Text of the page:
One commentator on the article doesn’t just make allusions:

It is pretty clear that Christ did not have much time for politics at all. Nor did the early church. It stayed clear of them. I have experienced the Labour “default position” of the Church and it is nasty

In the current political climate, there is an obvious vocation for the Church to point to the plight of the poor.  It stems from the gospel and the radical life of Jesus Christ.  There is a huge disparity between those in the UK who have and those who have-not.  This gulf just continues to grow at a staggering rate.  Foodbank use is increasing due to measures that have been implemented by central government leaving the most vulnerable in desperation.  It is the duty of the Bishops to speak out about it.  It is the duty of the whole body of Christ both lay and ordained to speak out about it.  It is a gospel imperative!

The right wing press are weaving a thread of misdirection through their propaganda to turn the ‘Christian calling to care for the poor’ into ‘party politics’.  For example, when someone suggests that it is the Christian moral stance to care for the poor, tell everyone that they “would call themselves (proudly) socialist”.  If a group within the leadership of the church says that Jesus told us to “feed the hungry”, say that the church contains a “sizable minority of Marxists“. When a corporate body says that society is failing the vulnerable, state that they exhibit the “Labour default position”. It is easier to write off someone’s opinion for being aligned with a political party than it is to write it off for being aligned with Christ.

For a Christian, being politically engaged is not about joining or supporting a particular political party. It is about reading the gospels, deciding how best to follow Christ and then weighing up the least worst option that is available in the UK, whatever that is currently.  Personally, I am not a Marxist.  I doubt I could be described as a socialist.  In my adult life I have only once voted Labour and that was a tactical vote to remove a BNP councilor.  However, that does not mean that I will not vote Labour in the future – who can say what the future may hold.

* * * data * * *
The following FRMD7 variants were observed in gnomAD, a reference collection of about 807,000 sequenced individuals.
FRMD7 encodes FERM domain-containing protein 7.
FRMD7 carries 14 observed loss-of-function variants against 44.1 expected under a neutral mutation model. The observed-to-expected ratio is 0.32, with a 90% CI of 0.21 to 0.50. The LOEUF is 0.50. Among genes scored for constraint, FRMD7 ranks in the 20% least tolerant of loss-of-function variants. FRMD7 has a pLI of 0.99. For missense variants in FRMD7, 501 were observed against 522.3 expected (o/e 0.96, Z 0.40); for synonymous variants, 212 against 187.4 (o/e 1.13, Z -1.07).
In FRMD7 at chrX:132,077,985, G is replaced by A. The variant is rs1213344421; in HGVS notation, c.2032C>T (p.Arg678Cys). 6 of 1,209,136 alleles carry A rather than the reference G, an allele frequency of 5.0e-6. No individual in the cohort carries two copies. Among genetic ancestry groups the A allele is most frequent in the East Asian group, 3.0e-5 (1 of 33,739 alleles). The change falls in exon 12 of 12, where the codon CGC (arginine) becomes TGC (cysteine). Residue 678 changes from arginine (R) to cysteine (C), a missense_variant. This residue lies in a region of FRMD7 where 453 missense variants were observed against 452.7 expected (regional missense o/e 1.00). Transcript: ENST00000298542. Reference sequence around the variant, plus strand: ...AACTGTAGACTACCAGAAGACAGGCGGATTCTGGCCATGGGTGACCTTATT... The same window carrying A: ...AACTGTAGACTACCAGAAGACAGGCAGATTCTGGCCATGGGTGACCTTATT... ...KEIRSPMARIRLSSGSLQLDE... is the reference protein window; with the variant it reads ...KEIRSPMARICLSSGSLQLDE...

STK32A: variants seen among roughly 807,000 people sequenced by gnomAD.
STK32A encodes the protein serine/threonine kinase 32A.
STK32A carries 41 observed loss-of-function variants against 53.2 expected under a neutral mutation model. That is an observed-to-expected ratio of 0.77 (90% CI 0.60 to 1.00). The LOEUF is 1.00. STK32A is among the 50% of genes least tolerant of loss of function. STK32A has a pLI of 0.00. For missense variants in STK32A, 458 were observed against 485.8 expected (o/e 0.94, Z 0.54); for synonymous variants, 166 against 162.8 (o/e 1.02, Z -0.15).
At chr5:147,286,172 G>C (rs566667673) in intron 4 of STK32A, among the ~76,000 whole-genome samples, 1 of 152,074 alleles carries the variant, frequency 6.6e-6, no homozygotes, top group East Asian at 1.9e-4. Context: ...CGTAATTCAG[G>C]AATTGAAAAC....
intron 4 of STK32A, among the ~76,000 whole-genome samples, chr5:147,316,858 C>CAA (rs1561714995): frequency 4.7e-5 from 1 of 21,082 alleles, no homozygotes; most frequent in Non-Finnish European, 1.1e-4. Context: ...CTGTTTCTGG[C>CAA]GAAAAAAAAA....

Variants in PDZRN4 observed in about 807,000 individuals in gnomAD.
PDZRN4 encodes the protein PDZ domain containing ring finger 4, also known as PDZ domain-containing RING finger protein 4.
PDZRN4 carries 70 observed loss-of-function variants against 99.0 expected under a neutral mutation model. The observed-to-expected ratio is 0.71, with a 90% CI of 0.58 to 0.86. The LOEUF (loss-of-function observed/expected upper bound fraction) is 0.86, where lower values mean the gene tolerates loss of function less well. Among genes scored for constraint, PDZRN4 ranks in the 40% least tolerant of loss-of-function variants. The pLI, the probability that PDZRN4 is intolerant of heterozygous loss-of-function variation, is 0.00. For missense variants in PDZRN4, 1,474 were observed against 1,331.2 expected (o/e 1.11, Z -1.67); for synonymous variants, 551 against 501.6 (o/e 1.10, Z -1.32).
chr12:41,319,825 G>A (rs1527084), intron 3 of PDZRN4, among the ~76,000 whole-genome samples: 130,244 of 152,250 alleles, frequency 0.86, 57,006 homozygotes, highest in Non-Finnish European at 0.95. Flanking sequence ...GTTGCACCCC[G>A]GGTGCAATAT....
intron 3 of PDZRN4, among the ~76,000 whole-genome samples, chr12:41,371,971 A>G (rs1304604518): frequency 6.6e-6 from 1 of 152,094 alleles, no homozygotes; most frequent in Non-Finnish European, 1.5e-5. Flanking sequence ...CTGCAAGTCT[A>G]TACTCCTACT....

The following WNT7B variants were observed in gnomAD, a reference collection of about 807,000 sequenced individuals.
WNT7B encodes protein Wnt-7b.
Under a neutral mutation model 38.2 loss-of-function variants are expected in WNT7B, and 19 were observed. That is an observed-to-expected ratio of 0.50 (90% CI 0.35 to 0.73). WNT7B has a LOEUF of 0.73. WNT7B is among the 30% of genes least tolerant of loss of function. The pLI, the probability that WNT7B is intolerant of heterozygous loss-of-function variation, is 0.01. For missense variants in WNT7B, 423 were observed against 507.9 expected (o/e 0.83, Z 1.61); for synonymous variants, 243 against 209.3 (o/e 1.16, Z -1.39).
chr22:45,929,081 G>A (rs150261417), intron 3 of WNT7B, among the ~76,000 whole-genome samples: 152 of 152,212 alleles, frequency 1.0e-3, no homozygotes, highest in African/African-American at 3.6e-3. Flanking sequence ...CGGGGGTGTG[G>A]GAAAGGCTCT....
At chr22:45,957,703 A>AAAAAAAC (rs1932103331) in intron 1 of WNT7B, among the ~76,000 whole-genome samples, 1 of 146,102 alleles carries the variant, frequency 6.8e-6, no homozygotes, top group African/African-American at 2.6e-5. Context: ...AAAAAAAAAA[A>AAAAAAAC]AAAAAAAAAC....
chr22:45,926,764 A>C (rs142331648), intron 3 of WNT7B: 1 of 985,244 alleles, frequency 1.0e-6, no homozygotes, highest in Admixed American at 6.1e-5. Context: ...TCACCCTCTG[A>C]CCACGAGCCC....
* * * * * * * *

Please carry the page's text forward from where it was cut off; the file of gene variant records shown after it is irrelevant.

In my role as priest within a community I will be continuing to tell the world that Jesus cared about the poor.  Not just cared about the poor but called us to do something about it!  I will continue to tell the world that the current government’s policies are not compatible with the Christ I read in the gospels.  I will continue to fight for justice for the most vulnerable in society.  I will continue to be politically engaged and exercise my right as a citizen to vote in every election I am able.  I will continue to pick the least worst option in UK party politics.

Advocacy, to speak out on behalf of those who have no voice is an important part of the Christian calling.  Or as Archbishop Desmond Tutu put it:

Christians shouldn’t just be pulling people out of the river. We should be going upstream to find out who’s pushing them in.

Two points.  As someone who recently went through two different Church of England theological colleges as part of his ordination training, I only met two Labour activists.  One in each college.  One of them was two doors down the corridor from a high profile conservative minister’s son. Also, we currently have a ConDem coalition government and yet in all of this right wing posturing the Liberal Democrats aren’t even a footnote.

Pass The Nativity

All credit to Ellie Wilson our diocesan advisor for the under fives! Awesomeness abounds.

I just happened to be sat in the children and youth department’s office being a disturber of the peace. When talking about what was going on I mentioned our toddler group and Ellie tumbled out a gazillion awesome ideas.

The one I latched on to was pass the nativity. Santa comes and chocolate will be had. Excellent. But Playmobil make a nativity set. By wrapping them up in order we can tell of Jesus’ birth by playing pass the parcel.

So tomorrow morning they will come out when the music stops and I will sit and tell the tale of Jesus birth to some fresh ears who have never heard it before.

The equipment:


At the centre is JC, wrapped in gold at the heart of the package.


There is also Playmobil Saint Nicholas (not Santa). Postie hasn’t delivered him yet so I’ll have to wait until next year to play with him.

This is the order I’ve wrapped them: